Part of the reason I have been wanting to stitch this piece was to honor my ancestor, Susannah Martin, one of those accused and put to death during the trials.

In doing some research on Susannah I found this: Lone Tree Hill, a famous historical site, bore a tablet on its westerly side marking the site of George and Susannah’s home. The boulder which marked their homestead has been moved to make room for a highway, and it can be found on the map where the highway crosses Martin Road in Amesbury. The marker lies nearby. George was one of the largest landowners in Amesbury. The inscription on the marker reads: “Here stood the house of Susannah Martin. An honest, hardworking Christian woman accused of being a witch and executed at Salem, July 19, 1692. She will be missed! A Martyr of Superstition. T.I.A. 1894.”

“A martyr of superstition” really says it all about this horrible time in our history.

It was important to me that in undertaking this piece I wanted to really delve into each of the names I was stitching and to reflect on what they endured.  We started the SAL on June 10th and I proceeded to complete each of the names by the date that they were put to death, beginning with Bridget Bishop the first to be executed.

I stitched this piece on a 40ct Lakeside Linen of unknown color with my own conversion (using what I had on hand).  I used Belle Soie Moss for the motifs and border, Silk N Colors Chestnut for the names, Gloriana Antique Gold Dark for the centers of the stars, and Silk N Colors Tuscan Olive (called for) for the background around the stars.  I wanted Susannah’s name to be prominent so I chose to use Belle Soie Red Fox for her name as well as for the stars.

Further information from my research: On Aug 29, 1957 the State of Massachusetts voted to wipe from the books the convictions of six women that had been unjustly accused of being witches 265 years earlier. Then Gov. Foster Furcolo signed the legislative intended to clear Susannah Martin, as well as: Ann Pudeator, Bridget Bishop, Alice Parker, Margaret Scott and Wilmot Redd.

However, while taking a graduate course on Salem witchcraft during the late 1990s, Paula Keene discovered that, although the legislators intended to pardon all six of the women in 1957, only Ann Pudeater’s name was listed on the official documents. Susannah Martin, Bridget Bishop, Alice Parker, Margaret Scott and Wilmot Redd were simply listed as “five others convicted of witchcraft.” Keene and state representative Michael Ruane worked together to redress the issue.[6]

On Halloween 2001, due to Keene and Ruane’s efforts, as well as the efforts of many of the descendants of the accused witches, Susannah Martin, Bridget Bishop, Alice Parker, Margaret Scott and Wilmot Redd were finally, and truly exonerated by the Commonwealth of Massachusetts.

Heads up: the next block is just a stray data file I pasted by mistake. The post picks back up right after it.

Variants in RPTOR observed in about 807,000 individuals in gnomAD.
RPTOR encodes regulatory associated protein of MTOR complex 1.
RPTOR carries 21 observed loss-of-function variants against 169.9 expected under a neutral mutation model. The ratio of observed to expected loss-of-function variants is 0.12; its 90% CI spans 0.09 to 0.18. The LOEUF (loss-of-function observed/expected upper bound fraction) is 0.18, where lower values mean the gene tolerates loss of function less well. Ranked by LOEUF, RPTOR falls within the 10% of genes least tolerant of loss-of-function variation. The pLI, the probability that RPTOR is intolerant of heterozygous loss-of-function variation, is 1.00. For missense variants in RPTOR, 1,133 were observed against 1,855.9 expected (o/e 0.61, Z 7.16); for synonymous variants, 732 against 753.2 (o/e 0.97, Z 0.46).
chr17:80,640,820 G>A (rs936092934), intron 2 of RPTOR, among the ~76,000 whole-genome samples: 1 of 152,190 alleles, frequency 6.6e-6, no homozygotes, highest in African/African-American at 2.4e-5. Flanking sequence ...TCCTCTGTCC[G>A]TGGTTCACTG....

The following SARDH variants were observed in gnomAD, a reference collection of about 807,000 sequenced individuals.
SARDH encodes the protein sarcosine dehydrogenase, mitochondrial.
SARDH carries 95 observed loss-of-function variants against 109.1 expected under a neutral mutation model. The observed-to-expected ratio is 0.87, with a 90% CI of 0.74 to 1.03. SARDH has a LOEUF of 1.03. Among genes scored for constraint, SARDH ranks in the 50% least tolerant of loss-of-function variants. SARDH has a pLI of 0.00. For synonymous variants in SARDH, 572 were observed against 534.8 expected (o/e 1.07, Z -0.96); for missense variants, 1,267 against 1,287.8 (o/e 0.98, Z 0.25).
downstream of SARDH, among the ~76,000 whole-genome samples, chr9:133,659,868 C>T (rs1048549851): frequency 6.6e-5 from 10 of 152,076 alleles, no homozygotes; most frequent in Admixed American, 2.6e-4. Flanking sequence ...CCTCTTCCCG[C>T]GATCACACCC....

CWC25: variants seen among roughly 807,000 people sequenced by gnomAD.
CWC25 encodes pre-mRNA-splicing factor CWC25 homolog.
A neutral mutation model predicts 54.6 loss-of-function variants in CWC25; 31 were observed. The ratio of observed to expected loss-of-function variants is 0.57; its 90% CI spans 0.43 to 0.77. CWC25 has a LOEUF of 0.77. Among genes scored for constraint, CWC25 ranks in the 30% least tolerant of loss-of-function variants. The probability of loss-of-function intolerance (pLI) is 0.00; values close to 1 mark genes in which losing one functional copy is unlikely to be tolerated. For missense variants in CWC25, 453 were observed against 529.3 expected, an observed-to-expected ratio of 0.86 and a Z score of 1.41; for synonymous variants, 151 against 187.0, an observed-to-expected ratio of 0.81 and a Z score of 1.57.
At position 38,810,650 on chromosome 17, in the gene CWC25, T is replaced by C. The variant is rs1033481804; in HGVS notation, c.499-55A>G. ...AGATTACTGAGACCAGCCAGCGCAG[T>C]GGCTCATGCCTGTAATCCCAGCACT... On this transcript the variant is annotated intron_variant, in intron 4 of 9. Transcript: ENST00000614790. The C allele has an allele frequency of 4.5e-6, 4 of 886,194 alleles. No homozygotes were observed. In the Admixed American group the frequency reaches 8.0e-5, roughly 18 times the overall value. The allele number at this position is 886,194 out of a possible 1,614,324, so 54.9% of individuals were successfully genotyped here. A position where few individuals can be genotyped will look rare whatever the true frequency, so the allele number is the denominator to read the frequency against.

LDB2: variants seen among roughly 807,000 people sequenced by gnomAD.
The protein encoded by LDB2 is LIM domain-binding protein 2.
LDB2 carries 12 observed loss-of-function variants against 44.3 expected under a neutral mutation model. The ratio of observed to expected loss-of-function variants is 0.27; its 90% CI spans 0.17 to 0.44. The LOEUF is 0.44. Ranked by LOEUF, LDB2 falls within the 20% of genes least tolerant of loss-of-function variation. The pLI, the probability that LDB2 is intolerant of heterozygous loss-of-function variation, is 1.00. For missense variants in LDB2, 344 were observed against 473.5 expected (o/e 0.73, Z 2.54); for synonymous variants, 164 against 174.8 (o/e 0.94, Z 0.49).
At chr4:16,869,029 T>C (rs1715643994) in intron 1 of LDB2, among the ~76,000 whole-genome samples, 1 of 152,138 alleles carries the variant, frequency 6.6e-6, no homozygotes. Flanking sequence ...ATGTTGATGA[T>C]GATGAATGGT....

On September 22, 1692 Martha Corey, Alice Parker, Margaret Scott, Ann Pudeator, Mary Easty, Samuel Wardwell, Wilmott Redd and Mary Parker were hanged at Gallows hill. These were the last hangings to take place during the Salem Witch Trials. I didn’t quite make my goal of finishing the last set of of names by the date of their death, but I had them finished by the end of the month.  And frankly, it’s quite chilling to realize that eight were hanged on the same day.

I started this piece on June 10, 2017 and finished it on October 3, 2017.  In the dedication of a new memorial at Proctor’s Ledge on the 325th anniversary the following was said.   “We would like to think that we’ve learned from the evil and traumatic choices made 325 years ago. We would like to think we’ve become better people,” Barz-Snell said. “The truth is the lessons of Salem are not just learned once, but must be learned and relearned by each generation.”

“From this time forward I hope that residents and visitors to Salem will treat the tragic events of 1692 with more of the respect they are due,” he said. “We need less celebration in October and more commemoration and sober reflection throughout the year.”

 

I am grateful for honoring my history.

Ten Years in the Making

As promised, I thought I’d share my 2017 finishes on the blog.  I already shared Mermaid Fraktur here, which was my first big finish of the year.  The next thing I decided to focus on was the Papillon Creations Mystery Sampler that was published in five parts in The Gift of Stitching magazine.  I started this piece when it first came out and copied Carol’s choice of 32ct Sandcastle by Silkweaver with the called for Vikki Clayton HDF silks.

As I mentioned, I started this piece when it was first released in March of 2007.  I completely fell in love with that beautiful red silk A.  The colors were just so pretty and the specialty stitches gave it a fun texture.  This piece has long been languishing though and the reason for that is  because I could already tell I was going to run out of one of the silks.  There is no worse feeling than knowing you’re going to run out of a thread that is no longer available.  Vikki had long since closed down her thread dyeing business.  But, I decided this piece had sat too long untouched and so I put it on my Year of WIPs list.  And in March of this year I pulled it out of the closet to stitch on.  I’d basically finished parts one and two and was mostly finished with part 3.  This is what it looked like when I took “before” photos for my Year of WIPs album.